Dr. Israel Nobel was Rabbi of the synagogue in its early days (and subsequently Rabbi Emeritus), and Rabbi Irvin Beigel served at EMJC for four years in the 1980s.[11][12][13][14][15][16] Paul Carus was a cantor at the synagogue in its early years, as was David Tauber.[17][18][19][20] In the early 1960s, Melvin May was its assistant executive director.[21] The synagogue membership in the late 1960s was approximately 950 families.[4]

In the late 1980s, synagogue members protested against Soviet human rights violations.[22] Judge Fred J. Hirsh, of the Nassau County District Court, was the EMJC Men's Club Man of the Year in 1997.[23]

Recent historyEdit

Ronald L. Androphy has been the rabbi of the synagogue since September 1983.[20][24][25] After an alleged racial assault in East Meadow in 1989 in which a white East Meadow man was charged with beating two black teenagers with a golf club, the rabbi joined other local clerics, who said they were motivated by their conscience and felt an obligation to lead the community, in speaking out against the violence.[24]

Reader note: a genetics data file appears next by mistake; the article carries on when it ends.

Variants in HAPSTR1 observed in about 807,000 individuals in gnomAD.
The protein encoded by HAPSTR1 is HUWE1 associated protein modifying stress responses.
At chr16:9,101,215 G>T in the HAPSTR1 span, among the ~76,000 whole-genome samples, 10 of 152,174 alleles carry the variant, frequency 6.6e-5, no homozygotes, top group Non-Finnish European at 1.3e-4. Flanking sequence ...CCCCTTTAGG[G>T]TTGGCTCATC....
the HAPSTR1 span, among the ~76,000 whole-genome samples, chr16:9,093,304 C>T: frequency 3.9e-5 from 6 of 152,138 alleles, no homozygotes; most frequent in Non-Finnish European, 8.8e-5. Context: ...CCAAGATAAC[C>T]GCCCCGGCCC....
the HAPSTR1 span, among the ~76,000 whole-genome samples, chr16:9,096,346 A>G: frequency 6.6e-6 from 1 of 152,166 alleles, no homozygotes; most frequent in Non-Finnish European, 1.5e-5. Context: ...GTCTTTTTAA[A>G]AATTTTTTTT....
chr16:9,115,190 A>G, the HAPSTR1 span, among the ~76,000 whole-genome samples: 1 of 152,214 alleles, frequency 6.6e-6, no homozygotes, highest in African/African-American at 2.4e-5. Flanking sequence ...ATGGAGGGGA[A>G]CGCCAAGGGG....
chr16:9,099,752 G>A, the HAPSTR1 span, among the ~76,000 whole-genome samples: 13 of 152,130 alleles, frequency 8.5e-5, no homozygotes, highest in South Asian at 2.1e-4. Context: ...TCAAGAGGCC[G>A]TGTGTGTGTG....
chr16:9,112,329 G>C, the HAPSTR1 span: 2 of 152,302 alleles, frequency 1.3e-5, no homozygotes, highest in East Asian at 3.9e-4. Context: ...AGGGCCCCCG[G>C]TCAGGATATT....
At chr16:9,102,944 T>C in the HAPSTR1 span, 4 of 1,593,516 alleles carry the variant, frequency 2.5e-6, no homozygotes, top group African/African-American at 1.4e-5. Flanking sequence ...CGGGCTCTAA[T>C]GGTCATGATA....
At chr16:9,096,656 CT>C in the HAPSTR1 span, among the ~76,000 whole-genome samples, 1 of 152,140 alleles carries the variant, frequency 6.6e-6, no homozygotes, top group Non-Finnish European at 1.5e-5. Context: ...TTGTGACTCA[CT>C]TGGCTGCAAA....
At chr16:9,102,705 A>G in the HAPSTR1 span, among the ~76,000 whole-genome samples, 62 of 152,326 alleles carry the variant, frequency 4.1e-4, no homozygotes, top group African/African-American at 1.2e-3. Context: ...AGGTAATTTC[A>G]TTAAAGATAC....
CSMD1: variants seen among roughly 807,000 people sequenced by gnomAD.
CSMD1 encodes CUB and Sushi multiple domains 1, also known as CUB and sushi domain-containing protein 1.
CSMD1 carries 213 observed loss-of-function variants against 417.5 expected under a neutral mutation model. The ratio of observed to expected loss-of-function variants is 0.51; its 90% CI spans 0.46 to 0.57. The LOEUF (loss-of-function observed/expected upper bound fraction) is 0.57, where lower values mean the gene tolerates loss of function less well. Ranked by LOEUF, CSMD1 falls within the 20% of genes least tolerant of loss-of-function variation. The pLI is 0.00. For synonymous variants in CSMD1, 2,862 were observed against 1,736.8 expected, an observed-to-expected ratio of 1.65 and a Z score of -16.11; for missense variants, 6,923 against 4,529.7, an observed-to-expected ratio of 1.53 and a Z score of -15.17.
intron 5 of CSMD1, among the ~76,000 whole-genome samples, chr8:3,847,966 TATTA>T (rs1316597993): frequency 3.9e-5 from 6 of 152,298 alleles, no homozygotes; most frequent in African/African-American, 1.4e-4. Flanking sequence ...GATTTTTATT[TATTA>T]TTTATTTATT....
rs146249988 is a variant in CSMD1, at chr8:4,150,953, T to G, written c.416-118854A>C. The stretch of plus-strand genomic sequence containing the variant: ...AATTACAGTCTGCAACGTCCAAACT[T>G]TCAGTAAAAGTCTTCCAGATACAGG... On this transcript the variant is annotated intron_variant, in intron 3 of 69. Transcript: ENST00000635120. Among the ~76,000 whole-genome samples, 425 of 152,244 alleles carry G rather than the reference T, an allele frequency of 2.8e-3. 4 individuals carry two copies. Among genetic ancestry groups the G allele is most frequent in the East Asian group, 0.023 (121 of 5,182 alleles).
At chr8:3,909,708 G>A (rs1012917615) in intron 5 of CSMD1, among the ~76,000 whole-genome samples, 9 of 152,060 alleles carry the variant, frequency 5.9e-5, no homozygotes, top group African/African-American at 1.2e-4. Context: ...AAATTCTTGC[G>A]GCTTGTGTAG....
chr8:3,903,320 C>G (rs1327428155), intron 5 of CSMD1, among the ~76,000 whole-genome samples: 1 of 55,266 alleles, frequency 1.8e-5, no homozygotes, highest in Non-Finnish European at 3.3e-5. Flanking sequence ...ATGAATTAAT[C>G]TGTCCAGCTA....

Androphy focused on promoting greater understanding among religious groups. The synagogue's rabbi stressed the significance of the positive relationship the synagogue had with the local Methodist community.[26][27] After David Levinton, a 12-year-old Jewish boy who had been a member of the EMJC, died, the local Methodist church's congregation honored the child. It voted to replace a tree that had fallen down on the church property, and dedicate the new tree to Levinton and to another non-Methodist boy in the community who had also died.[26] In doing so, it voted down proposals to dedicate the tree to Theodore Roosevelt, Jack Kennedy, or Harry Truman.[26]